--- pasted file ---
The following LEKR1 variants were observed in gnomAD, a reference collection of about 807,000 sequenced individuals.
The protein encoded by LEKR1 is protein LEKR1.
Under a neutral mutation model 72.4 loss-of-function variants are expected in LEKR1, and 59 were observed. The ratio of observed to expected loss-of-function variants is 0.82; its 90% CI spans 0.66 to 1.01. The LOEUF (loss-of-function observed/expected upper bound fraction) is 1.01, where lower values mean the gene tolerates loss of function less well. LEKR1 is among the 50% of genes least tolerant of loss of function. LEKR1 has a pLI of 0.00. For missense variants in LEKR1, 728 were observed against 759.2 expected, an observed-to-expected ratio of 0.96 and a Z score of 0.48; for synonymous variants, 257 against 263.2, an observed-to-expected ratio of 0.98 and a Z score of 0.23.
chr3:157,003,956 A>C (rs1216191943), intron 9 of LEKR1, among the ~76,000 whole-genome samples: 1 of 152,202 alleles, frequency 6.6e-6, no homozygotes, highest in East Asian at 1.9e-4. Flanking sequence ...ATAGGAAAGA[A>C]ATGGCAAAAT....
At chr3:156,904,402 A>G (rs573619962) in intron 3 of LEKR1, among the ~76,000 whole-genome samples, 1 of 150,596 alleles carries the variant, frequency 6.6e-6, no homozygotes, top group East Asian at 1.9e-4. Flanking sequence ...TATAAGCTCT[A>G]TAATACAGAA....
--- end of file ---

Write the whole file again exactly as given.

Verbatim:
The following LEKR1 variants were observed in gnomAD, a reference collection of about 807,000 sequenced individuals.
The protein encoded by LEKR1 is protein LEKR1.
Under a neutral mutation model 72.4 loss-of-function variants are expected in LEKR1, and 59 were observed. The ratio of observed to expected loss-of-function variants is 0.82; its 90% CI spans 0.66 to 1.01. The LOEUF (loss-of-function observed/expected upper bound fraction) is 1.01, where lower values mean the gene tolerates loss of function less well. LEKR1 is among the 50% of genes least tolerant of loss of function. LEKR1 has a pLI of 0.00. For missense variants in LEKR1, 728 were observed against 759.2 expected, an observed-to-expected ratio of 0.96 and a Z score of 0.48; for synonymous variants, 257 against 263.2, an observed-to-expected ratio of 0.98 and a Z score of 0.23.
chr3:157,003,956 A>C (rs1216191943), intron 9 of LEKR1, among the ~76,000 whole-genome samples: 1 of 152,202 alleles, frequency 6.6e-6, no homozygotes, highest in East Asian at 1.9e-4. Flanking sequence ...ATAGGAAAGA[A>C]ATGGCAAAAT....
At chr3:156,904,402 A>G (rs573619962) in intron 3 of LEKR1, among the ~76,000 whole-genome samples, 1 of 150,596 alleles carries the variant, frequency 6.6e-6, no homozygotes, top group East Asian at 1.9e-4. Flanking sequence ...TATAAGCTCT[A>G]TAATACAGAA....